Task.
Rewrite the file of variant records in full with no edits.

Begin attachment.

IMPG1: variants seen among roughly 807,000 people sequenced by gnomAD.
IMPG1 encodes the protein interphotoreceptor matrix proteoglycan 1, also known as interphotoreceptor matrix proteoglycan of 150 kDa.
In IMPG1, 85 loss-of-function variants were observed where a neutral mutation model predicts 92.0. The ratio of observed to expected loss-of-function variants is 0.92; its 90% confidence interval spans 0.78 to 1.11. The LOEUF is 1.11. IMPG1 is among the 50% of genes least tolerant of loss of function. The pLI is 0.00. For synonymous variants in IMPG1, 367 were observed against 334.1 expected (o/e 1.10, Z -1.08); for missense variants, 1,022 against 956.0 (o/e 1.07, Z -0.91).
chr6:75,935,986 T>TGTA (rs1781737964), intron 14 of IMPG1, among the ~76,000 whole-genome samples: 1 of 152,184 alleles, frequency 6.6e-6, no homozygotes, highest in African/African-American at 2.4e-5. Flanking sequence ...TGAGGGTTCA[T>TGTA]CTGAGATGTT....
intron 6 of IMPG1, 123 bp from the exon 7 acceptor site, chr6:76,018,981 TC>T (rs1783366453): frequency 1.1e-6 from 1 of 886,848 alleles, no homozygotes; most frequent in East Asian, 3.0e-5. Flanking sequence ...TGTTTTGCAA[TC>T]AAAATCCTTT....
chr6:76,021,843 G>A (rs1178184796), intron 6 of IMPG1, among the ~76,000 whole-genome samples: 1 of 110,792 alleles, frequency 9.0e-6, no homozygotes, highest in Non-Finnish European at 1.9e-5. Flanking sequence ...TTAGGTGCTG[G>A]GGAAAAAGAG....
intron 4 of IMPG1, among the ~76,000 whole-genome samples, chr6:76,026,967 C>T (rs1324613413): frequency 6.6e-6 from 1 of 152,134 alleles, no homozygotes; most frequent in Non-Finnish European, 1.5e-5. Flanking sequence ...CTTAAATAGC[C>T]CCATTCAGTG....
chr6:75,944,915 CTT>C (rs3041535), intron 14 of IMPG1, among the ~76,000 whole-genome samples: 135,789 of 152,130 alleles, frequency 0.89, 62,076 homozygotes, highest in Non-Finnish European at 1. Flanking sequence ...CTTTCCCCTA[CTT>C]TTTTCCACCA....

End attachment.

IMPG1: variants seen among roughly 807,000 people sequenced by gnomAD.
IMPG1 encodes the protein interphotoreceptor matrix proteoglycan 1, also known as interphotoreceptor matrix proteoglycan of 150 kDa.
In IMPG1, 85 loss-of-function variants were observed where a neutral mutation model predicts 92.0. The ratio of observed to expected loss-of-function variants is 0.92; its 90% confidence interval spans 0.78 to 1.11. The LOEUF is 1.11. IMPG1 is among the 50% of genes least tolerant of loss of function. The pLI is 0.00. For synonymous variants in IMPG1, 367 were observed against 334.1 expected (o/e 1.10, Z -1.08); for missense variants, 1,022 against 956.0 (o/e 1.07, Z -0.91).
chr6:75,935,986 T>TGTA (rs1781737964), intron 14 of IMPG1, among the ~76,000 whole-genome samples: 1 of 152,184 alleles, frequency 6.6e-6, no homozygotes, highest in African/African-American at 2.4e-5. Flanking sequence ...TGAGGGTTCA[T>TGTA]CTGAGATGTT....
intron 6 of IMPG1, 123 bp from the exon 7 acceptor site, chr6:76,018,981 TC>T (rs1783366453): frequency 1.1e-6 from 1 of 886,848 alleles, no homozygotes; most frequent in East Asian, 3.0e-5. Flanking sequence ...TGTTTTGCAA[TC>T]AAAATCCTTT....
chr6:76,021,843 G>A (rs1178184796), intron 6 of IMPG1, among the ~76,000 whole-genome samples: 1 of 110,792 alleles, frequency 9.0e-6, no homozygotes, highest in Non-Finnish European at 1.9e-5. Flanking sequence ...TTAGGTGCTG[G>A]GGAAAAAGAG....
intron 4 of IMPG1, among the ~76,000 whole-genome samples, chr6:76,026,967 C>T (rs1324613413): frequency 6.6e-6 from 1 of 152,134 alleles, no homozygotes; most frequent in Non-Finnish European, 1.5e-5. Flanking sequence ...CTTAAATAGC[C>T]CCATTCAGTG....
chr6:75,944,915 CTT>C (rs3041535), intron 14 of IMPG1, among the ~76,000 whole-genome samples: 135,789 of 152,130 alleles, frequency 0.89, 62,076 homozygotes, highest in Non-Finnish European at 1. Flanking sequence ...CTTTCCCCTA[CTT>C]TTTTCCACCA....